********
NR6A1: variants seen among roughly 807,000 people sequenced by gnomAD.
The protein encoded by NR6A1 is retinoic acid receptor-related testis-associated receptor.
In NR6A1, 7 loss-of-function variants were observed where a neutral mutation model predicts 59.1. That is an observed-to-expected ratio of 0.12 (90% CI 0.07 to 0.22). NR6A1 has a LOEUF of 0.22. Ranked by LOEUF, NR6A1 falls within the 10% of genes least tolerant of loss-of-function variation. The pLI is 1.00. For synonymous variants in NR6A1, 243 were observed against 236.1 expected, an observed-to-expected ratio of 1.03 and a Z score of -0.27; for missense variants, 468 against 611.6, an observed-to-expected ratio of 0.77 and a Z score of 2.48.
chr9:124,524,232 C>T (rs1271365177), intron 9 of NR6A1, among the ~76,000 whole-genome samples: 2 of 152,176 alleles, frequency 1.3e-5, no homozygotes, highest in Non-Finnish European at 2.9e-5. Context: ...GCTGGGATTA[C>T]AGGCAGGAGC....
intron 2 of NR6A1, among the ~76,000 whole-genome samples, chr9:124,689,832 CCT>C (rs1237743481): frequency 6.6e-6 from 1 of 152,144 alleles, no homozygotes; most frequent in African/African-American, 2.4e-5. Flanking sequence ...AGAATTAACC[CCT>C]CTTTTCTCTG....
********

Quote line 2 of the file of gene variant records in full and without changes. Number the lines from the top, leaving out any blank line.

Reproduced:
The protein encoded by NR6A1 is retinoic acid receptor-related testis-associated receptor.